A Michigan man accused of killing his wife by spiking her cereal with heroin allegedly bought anxiety drugs from a co-worker, telling him he planned to crush them up and give them to his spouse “so she would stop nagging him,” a witness reportedly said in court Tuesday.
Jason Harris, 44, has pleaded not guilty to first-degree murder, solicitation of murder, and delivery of a controlled substance after his August arrest for allegedly murdering his 36-year-old wife, Christina Ann-Thompson Harris, in 2014. If convicted, he faces a maximum penalty of life in prison.
The Genesee County Medical Examiner initially ruled Christina’s death an accidental heroin overdose—despite claims from her family that she was never a drug user. But in 2016, a Michigan State Police crime lab tested three packages of the mother of two’s frozen breast milk and found no previous traces of heroin. Her death certificate was amended in August to indicate she died of a homicide.
During a preliminary hearing Tuesday, several witnesses testified about Harris’ alleged plans to murder his wife and recalled the morning of the incident.
David Groshon, a former co-worker at United Plastics, testified on Tuesday he sold Harris Xanax and Klonopin, alleging the 44-year-old said “he was going to crush up the pills to give to his wife so she would stop nagging him.”
Groshon added that Harris later told him his wife tasted the pills, which he’d plan to put in her milk or water, according to WNEM.
Authorities said on Sept. 29, 2014, neighbors found Christina unresponsive in the master bedroom of her Davison home. One of the neighbors testified on Tuesday that she found Christina lying on the bed without a pulse and with “foam coming out of her mouth.”
At the time, Harris told police his wife had been suffering from a cold and called a neighbor at around 10 a.m. to check on her while he was at work.
“She, the neighbor, thought that was unusual,” Genesee County Prosecutor David Leyton said in August.
Prosecutors allege Harris put heroin into his wife’s cereal and milk the night before, believing the drug was undetectable after “multiple” conversations with his co-workers. During a deposition for a wrongful death lawsuit filed by Christina’s family after her death, Harris told authorities he made his wife the late-night snack at her request.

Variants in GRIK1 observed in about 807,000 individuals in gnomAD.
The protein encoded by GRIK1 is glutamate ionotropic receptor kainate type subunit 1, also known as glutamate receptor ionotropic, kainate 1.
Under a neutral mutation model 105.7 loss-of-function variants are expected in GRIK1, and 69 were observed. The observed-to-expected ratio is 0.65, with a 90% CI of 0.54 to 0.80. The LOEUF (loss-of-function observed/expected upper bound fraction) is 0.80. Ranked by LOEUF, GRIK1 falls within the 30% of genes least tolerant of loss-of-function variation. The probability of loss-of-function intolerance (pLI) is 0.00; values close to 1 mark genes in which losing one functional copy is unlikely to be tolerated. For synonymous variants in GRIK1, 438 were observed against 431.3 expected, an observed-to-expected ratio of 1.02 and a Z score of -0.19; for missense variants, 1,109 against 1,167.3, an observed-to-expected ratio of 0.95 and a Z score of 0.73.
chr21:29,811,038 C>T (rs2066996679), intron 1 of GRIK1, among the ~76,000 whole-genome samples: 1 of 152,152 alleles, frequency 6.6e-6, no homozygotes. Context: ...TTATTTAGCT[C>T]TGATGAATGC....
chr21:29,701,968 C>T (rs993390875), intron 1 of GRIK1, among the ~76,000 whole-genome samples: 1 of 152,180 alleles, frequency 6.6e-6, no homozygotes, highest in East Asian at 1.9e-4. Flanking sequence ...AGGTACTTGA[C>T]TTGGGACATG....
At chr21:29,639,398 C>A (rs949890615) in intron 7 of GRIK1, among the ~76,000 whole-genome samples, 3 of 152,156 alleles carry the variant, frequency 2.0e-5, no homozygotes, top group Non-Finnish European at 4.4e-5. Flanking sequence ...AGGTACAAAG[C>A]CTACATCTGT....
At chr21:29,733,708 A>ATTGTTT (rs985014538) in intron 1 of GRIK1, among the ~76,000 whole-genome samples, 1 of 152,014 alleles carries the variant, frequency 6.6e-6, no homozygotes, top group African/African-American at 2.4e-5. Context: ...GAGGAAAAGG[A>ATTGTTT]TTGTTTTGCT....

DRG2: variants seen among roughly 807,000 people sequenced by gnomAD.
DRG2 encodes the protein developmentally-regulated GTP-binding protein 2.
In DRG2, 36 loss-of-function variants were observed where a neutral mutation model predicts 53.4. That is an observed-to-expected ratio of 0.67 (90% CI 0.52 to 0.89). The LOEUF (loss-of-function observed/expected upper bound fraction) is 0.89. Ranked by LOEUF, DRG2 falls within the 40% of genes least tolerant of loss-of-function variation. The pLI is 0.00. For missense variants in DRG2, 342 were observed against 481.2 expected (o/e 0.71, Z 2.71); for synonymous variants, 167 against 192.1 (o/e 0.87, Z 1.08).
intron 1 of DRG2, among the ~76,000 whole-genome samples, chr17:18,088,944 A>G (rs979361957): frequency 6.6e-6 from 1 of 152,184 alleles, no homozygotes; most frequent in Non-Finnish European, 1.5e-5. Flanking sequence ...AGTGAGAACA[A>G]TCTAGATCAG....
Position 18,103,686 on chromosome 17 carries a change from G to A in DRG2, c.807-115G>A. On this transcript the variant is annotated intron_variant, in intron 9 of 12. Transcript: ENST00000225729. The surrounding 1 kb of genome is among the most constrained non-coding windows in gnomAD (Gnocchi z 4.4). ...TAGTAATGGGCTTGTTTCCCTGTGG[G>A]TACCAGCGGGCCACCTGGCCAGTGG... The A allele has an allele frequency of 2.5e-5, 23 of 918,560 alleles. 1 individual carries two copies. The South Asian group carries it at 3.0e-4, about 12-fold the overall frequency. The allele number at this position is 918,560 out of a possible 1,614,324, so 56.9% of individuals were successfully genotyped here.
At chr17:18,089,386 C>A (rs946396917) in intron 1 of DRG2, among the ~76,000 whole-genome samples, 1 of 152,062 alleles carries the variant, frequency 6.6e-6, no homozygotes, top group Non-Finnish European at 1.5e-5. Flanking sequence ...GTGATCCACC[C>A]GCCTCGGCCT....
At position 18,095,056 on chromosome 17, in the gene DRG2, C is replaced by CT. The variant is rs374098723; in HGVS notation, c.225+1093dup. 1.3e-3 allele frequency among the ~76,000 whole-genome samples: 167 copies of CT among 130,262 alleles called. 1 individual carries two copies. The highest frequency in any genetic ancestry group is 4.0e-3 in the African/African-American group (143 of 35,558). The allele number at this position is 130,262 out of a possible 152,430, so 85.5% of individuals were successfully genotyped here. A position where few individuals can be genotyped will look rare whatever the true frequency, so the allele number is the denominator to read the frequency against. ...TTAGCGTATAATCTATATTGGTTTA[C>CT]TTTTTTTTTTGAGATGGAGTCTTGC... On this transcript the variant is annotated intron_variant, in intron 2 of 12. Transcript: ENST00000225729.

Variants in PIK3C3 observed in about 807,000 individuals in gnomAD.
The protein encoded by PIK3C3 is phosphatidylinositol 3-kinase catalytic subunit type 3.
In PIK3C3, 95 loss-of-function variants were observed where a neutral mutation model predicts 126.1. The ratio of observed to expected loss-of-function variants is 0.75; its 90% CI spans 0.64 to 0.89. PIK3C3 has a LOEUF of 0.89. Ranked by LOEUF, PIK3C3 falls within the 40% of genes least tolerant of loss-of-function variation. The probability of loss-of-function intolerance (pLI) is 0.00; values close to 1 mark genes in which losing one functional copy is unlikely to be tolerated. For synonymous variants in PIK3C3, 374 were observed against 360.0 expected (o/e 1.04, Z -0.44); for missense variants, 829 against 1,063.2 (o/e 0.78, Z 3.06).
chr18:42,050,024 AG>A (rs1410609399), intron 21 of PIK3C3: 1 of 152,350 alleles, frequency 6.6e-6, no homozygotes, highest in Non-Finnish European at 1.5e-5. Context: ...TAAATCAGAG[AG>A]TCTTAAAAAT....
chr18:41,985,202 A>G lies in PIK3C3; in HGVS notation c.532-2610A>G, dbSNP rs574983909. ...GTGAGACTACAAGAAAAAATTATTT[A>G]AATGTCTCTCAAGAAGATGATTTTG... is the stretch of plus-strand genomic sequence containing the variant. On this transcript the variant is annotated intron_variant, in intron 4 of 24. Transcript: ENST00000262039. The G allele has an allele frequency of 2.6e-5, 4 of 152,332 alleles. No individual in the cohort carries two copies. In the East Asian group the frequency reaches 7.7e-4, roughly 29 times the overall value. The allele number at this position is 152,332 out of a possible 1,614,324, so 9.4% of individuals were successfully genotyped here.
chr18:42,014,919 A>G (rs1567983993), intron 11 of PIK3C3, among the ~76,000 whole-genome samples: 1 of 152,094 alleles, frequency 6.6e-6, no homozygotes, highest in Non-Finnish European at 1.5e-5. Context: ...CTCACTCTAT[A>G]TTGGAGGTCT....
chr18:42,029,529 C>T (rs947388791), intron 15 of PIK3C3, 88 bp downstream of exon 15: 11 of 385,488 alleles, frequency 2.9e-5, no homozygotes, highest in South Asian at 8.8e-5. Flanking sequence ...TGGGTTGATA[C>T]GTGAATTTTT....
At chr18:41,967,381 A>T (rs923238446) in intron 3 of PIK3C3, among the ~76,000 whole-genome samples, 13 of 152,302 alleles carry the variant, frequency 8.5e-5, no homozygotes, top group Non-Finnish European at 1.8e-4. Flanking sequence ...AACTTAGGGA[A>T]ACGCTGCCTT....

“She got hungry. I made her up a bowl of cereal. That's what she asked for. I know she was sitting in the chair, dropped the spoon,” Harris said, adding that his wife fell asleep while pumping milk for their newborn daughter.
The case remained untouched until October 2014, prosecutors said, when Harris’ siblings reported to local police that Jason had previously made remarks about “getting rid of Christina” and had been seeing other women just before her death.
Harris admitted in the deposition that his wife knew he had sent “sexual messages” to another woman—including one from Rhode Island who moved into his house with her child just weeks after his wife’s death.
The woman was reportedly still living with the 44-year-old at the time of his arrest.
The 44-year-old’s co-workers also told investigators Harris admitted he “just needed to get rid of” his wife of 11 years so he wouldn’t have to deal with a divorce, child support payments, or a custody battle. Instead, Harris allegedly asked a colleague to kill Christina for $5,000, admitted to spiking his wife’s water with Xanax pills, and polled the office on which pills were “odorless and tasteless.”
“Jason paid $5,000 to a guy to kill Christina and while this alleged hit man was doing surveillance on her the hit man was caught by police with a firearm,” Genesee County Prosecutor David Leyton said in August.
Leyton added the failed murder attempt prompted Harris’ quest for an undetectable fatal drug, allegedly making Christina suspicious enough to confide in a friend.
“She told a friend that if something happens to me, look at Jason,” he said.
In the deposition, Harris told investigators he received about $150,000 from his wife’s life insurance—which he used to pay off his student loans. A Legacy.com obituary for Christina also directs memorial contributions to be made out to Jason “in lieu of flowers.”
Harris is expected to return to court on Nov. 5.